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  • Jefferson Adams

    Rider University Settles Claim with Gluten-Free Student

    Jefferson Adams
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    Reviewed and edited by a celiac disease expert.

      Students with celiac disease and/or food allergies are asserting their rights at colleges and universities across the country. Rider University is the latest to agree to changes in gluten-free dining practices after legal pressure from students.


    Image: Wikimedia Commons--David Keddie
    Caption: Image: Wikimedia Commons--David Keddie

    Celiac.com 04/10/2019 - With more universities under pressure to provide for students with food allergies and sensitivities, it’s little wonder that students who feel that schools are falling short are pressing the matter legally. That often means filing a complaint under the Americans with Disabilities Act (ADA) to prompt a settlement. 

    Most recently, Rider University agreed to make changes to its dining options to accommodate students with food allergy-related disabilities after a former student filed a complaint claiming violations of the ADA, U.S. Attorney Craig Carpenito announced.



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    The actions were the result of a complaint by a former student with celiac disease, who claimed the University had failed to make reasonable accommodations. The changes came after the U.S. Attorney's Office found that Rider failed to create “reasonable policies, practices, and procedures for students with food allergy-related disabilities and failed to adequately train its staff on appropriate policies for accommodating individuals with food allergies," Carpenito said. 

    On the positive side, Carpenito said that, from the onset, “Rider University has worked cooperatively to develop and amend its policies and practices to comply with the ADA."

    Under the agreement Rider University will create its own policies for students with food allergy-related disabilities, rather than relying on third-party food service vendors. Rider will create dedicated allergen-free food preparation areas in its dining facilities, and employ a full-time dietician to address food allergy-related disability issues. Lastly, Rider will create a "pre-order" option for students with food allergies.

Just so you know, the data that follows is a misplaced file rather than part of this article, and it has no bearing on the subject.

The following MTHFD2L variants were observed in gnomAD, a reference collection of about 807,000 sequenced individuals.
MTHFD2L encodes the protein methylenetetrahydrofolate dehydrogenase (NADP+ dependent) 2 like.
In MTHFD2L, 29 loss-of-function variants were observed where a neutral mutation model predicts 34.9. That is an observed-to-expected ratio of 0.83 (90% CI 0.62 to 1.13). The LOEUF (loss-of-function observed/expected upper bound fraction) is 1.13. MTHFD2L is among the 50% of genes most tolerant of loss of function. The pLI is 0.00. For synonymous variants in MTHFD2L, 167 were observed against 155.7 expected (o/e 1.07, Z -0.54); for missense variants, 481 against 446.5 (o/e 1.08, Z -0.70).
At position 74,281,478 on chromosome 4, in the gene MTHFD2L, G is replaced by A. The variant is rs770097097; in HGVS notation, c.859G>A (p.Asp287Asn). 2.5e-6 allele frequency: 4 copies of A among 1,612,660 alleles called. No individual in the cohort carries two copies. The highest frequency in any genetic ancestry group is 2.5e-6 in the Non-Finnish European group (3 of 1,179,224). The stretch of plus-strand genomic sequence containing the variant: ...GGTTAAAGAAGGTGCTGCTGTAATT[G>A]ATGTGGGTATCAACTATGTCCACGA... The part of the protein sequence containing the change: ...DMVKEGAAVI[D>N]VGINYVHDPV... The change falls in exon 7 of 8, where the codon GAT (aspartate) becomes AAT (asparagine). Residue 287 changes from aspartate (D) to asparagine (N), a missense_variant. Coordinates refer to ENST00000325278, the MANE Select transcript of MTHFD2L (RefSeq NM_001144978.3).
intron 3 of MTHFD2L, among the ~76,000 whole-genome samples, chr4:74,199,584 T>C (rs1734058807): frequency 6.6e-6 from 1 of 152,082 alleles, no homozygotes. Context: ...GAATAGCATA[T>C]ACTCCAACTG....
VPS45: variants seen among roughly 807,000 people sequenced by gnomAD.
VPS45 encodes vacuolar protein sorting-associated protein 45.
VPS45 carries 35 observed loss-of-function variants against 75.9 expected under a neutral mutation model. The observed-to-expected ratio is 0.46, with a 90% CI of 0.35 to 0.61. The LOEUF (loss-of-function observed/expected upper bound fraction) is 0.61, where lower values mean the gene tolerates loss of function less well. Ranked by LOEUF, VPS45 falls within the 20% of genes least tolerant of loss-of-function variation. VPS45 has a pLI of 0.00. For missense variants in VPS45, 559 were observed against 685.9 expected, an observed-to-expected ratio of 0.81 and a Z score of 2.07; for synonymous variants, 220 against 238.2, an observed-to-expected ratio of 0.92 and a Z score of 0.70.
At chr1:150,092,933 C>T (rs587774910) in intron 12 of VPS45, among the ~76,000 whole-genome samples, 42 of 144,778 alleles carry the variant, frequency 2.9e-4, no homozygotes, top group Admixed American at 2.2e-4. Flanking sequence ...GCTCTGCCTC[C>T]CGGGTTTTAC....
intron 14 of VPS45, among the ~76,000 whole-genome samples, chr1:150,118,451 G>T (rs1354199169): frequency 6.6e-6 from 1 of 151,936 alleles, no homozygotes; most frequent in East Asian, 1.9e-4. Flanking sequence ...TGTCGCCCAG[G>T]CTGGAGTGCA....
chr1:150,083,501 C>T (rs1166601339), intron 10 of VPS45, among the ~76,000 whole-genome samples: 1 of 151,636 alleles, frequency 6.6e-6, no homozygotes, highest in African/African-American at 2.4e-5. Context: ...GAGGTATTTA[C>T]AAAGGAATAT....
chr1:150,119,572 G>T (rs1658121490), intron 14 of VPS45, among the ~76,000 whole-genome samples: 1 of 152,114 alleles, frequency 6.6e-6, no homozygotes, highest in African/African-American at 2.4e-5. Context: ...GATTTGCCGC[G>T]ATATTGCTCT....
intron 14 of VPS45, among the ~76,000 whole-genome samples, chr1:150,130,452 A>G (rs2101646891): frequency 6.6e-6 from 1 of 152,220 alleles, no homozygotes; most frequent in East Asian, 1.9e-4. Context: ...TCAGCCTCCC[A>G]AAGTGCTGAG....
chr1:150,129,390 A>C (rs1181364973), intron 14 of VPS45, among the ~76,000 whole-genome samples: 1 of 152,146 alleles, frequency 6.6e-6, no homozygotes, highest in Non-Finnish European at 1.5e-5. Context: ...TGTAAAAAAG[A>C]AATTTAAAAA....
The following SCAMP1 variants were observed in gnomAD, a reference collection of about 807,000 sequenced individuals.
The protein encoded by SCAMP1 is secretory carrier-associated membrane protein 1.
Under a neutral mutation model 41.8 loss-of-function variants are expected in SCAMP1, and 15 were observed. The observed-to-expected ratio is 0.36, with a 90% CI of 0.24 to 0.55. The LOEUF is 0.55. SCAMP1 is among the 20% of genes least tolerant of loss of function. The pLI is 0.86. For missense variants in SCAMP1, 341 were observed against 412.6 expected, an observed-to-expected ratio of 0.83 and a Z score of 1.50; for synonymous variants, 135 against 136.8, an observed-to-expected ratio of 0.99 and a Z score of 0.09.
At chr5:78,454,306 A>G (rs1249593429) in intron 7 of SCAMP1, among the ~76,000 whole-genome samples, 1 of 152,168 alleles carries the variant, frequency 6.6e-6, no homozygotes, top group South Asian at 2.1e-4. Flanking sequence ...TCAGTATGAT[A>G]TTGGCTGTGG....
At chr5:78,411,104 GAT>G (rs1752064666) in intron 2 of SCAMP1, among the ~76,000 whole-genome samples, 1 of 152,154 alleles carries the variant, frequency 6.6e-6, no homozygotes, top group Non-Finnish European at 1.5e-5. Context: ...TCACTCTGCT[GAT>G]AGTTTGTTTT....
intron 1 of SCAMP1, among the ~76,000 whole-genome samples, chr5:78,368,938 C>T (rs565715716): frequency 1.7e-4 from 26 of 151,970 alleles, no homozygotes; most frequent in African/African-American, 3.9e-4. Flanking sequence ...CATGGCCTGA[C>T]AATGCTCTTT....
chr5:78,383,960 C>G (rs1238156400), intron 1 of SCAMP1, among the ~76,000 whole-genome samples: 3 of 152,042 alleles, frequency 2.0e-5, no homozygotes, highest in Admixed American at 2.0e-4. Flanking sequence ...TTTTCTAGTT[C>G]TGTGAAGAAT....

Rider spokeswoman, Kristine Brown, says that the school has gone beyond the terms of the agreement to open a new, allergen-free food-preparation station that will serve food free of the eight major food allergens – peanuts, tree nuts, fish, shellfish, milk, eggs, wheat and soy. The food at the station is also gluten-free, Brown said.

    Anyone who believes they have been wrongly discriminated against may file a complaint with the U.S Attorney's Office at justice.gov/usao-nj/civil-rights-enforcement/complaint or call the U.S. Attorney's Office's Civil Rights Complaint Hotline at 855-281-3339.

    Additional information about the ADA can be found at ada.gov, or by calling the Department of Justice's toll-free information line at 800-514-0301 and 800-514-0383 (TDD).

    Read more at Patch.com

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    This is GREAT news!  I ran into something like this when my daughter with celiac disease started George Mason University...freshman living on campus had to get a food plan and they said they offered gluten free food choices BUT when I called food services to inquire about food handling, the director said she could not guarantee that all the food handlers understood or followed the proper procedures...I had to enroll with the office of disability, fill out a lot of paperwork with doctor's signatures and ended up getting her into an upper classman room with a kitchen so she could prepare her own food safely...I think ALL college campuses should HAVE to follow Ryder .....Celiac disease is NOT about "just a little tummy ache" if gluten is accidentally ingested" yet I feel as though this is how it is viewed...sigh...

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  • About Me

    Jefferson Adams is Celiac.com's senior writer and Digital Content Director. He earned his B.A. and M.F.A. at Arizona State University, and has authored more than 2,500 articles on celiac disease. His coursework includes studies in science, scientific methodology, biology, anatomy, medicine, logic, and advanced research. He previously served as SF Health News Examiner for Examiner.com, and devised health and medical content for Sharecare.com. Jefferson has spoken about celiac disease to the media, including an appearance on the KQED radio show Forum, and is the editor of the book "Cereal Killers" by Scott Adams and Ron Hoggan, Ed.D.


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